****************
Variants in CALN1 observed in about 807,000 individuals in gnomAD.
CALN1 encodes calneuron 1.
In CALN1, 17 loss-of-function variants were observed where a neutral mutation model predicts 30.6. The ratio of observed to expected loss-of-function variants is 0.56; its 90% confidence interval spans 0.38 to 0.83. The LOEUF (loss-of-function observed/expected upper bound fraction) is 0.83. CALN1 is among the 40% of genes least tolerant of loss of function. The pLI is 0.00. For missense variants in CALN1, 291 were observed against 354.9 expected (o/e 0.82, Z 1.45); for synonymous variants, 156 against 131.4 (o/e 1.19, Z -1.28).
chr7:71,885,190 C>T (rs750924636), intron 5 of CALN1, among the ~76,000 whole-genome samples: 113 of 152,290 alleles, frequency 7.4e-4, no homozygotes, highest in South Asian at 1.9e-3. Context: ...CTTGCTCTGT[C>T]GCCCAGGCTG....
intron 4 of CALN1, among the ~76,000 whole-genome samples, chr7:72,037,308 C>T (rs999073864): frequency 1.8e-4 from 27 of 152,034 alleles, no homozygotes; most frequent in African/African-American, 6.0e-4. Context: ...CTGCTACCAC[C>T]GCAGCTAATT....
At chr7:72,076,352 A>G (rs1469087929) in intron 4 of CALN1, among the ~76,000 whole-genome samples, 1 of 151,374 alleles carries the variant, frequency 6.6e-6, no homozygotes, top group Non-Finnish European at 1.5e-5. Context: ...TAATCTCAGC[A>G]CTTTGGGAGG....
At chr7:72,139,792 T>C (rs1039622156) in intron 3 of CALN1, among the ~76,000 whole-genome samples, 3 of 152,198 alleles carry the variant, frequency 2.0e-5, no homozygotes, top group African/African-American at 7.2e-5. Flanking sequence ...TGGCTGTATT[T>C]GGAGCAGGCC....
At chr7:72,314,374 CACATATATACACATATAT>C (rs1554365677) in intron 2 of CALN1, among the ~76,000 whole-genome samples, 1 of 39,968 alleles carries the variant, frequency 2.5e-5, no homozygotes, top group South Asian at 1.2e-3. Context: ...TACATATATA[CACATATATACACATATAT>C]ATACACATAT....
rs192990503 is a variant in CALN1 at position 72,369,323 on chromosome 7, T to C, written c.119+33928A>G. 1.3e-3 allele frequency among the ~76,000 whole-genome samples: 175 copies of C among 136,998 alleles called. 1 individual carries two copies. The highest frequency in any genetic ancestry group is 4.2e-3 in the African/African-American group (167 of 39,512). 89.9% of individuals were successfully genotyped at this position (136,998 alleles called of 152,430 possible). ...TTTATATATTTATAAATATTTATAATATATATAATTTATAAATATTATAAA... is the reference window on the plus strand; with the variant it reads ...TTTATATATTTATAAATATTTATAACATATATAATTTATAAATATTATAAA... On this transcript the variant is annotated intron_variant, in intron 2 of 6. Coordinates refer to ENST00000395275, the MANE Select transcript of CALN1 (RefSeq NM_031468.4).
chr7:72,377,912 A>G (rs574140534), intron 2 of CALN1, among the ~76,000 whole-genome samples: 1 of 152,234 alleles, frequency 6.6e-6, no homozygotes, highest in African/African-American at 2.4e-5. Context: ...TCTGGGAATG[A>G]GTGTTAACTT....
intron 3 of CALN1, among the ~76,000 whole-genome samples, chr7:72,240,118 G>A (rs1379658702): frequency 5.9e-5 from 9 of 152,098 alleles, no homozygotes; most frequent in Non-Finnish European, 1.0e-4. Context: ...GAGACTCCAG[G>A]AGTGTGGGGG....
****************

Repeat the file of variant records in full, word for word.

Variants in CALN1 observed in about 807,000 individuals in gnomAD.
CALN1 encodes calneuron 1.
In CALN1, 17 loss-of-function variants were observed where a neutral mutation model predicts 30.6. The ratio of observed to expected loss-of-function variants is 0.56; its 90% confidence interval spans 0.38 to 0.83. The LOEUF (loss-of-function observed/expected upper bound fraction) is 0.83. CALN1 is among the 40% of genes least tolerant of loss of function. The pLI is 0.00. For missense variants in CALN1, 291 were observed against 354.9 expected (o/e 0.82, Z 1.45); for synonymous variants, 156 against 131.4 (o/e 1.19, Z -1.28).
chr7:71,885,190 C>T (rs750924636), intron 5 of CALN1, among the ~76,000 whole-genome samples: 113 of 152,290 alleles, frequency 7.4e-4, no homozygotes, highest in South Asian at 1.9e-3. Context: ...CTTGCTCTGT[C>T]GCCCAGGCTG....
intron 4 of CALN1, among the ~76,000 whole-genome samples, chr7:72,037,308 C>T (rs999073864): frequency 1.8e-4 from 27 of 152,034 alleles, no homozygotes; most frequent in African/African-American, 6.0e-4. Context: ...CTGCTACCAC[C>T]GCAGCTAATT....
At chr7:72,076,352 A>G (rs1469087929) in intron 4 of CALN1, among the ~76,000 whole-genome samples, 1 of 151,374 alleles carries the variant, frequency 6.6e-6, no homozygotes, top group Non-Finnish European at 1.5e-5. Context: ...TAATCTCAGC[A>G]CTTTGGGAGG....
At chr7:72,139,792 T>C (rs1039622156) in intron 3 of CALN1, among the ~76,000 whole-genome samples, 3 of 152,198 alleles carry the variant, frequency 2.0e-5, no homozygotes, top group African/African-American at 7.2e-5. Flanking sequence ...TGGCTGTATT[T>C]GGAGCAGGCC....
At chr7:72,314,374 CACATATATACACATATAT>C (rs1554365677) in intron 2 of CALN1, among the ~76,000 whole-genome samples, 1 of 39,968 alleles carries the variant, frequency 2.5e-5, no homozygotes, top group South Asian at 1.2e-3. Context: ...TACATATATA[CACATATATACACATATAT>C]ATACACATAT....
rs192990503 is a variant in CALN1 at position 72,369,323 on chromosome 7, T to C, written c.119+33928A>G. 1.3e-3 allele frequency among the ~76,000 whole-genome samples: 175 copies of C among 136,998 alleles called. 1 individual carries two copies. The highest frequency in any genetic ancestry group is 4.2e-3 in the African/African-American group (167 of 39,512). 89.9% of individuals were successfully genotyped at this position (136,998 alleles called of 152,430 possible). ...TTTATATATTTATAAATATTTATAATATATATAATTTATAAATATTATAAA... is the reference window on the plus strand; with the variant it reads ...TTTATATATTTATAAATATTTATAACATATATAATTTATAAATATTATAAA... On this transcript the variant is annotated intron_variant, in intron 2 of 6. Coordinates refer to ENST00000395275, the MANE Select transcript of CALN1 (RefSeq NM_031468.4).
chr7:72,377,912 A>G (rs574140534), intron 2 of CALN1, among the ~76,000 whole-genome samples: 1 of 152,234 alleles, frequency 6.6e-6, no homozygotes, highest in African/African-American at 2.4e-5. Context: ...TCTGGGAATG[A>G]GTGTTAACTT....
intron 3 of CALN1, among the ~76,000 whole-genome samples, chr7:72,240,118 G>A (rs1379658702): frequency 5.9e-5 from 9 of 152,098 alleles, no homozygotes; most frequent in Non-Finnish European, 1.0e-4. Context: ...GAGACTCCAG[G>A]AGTGTGGGGG....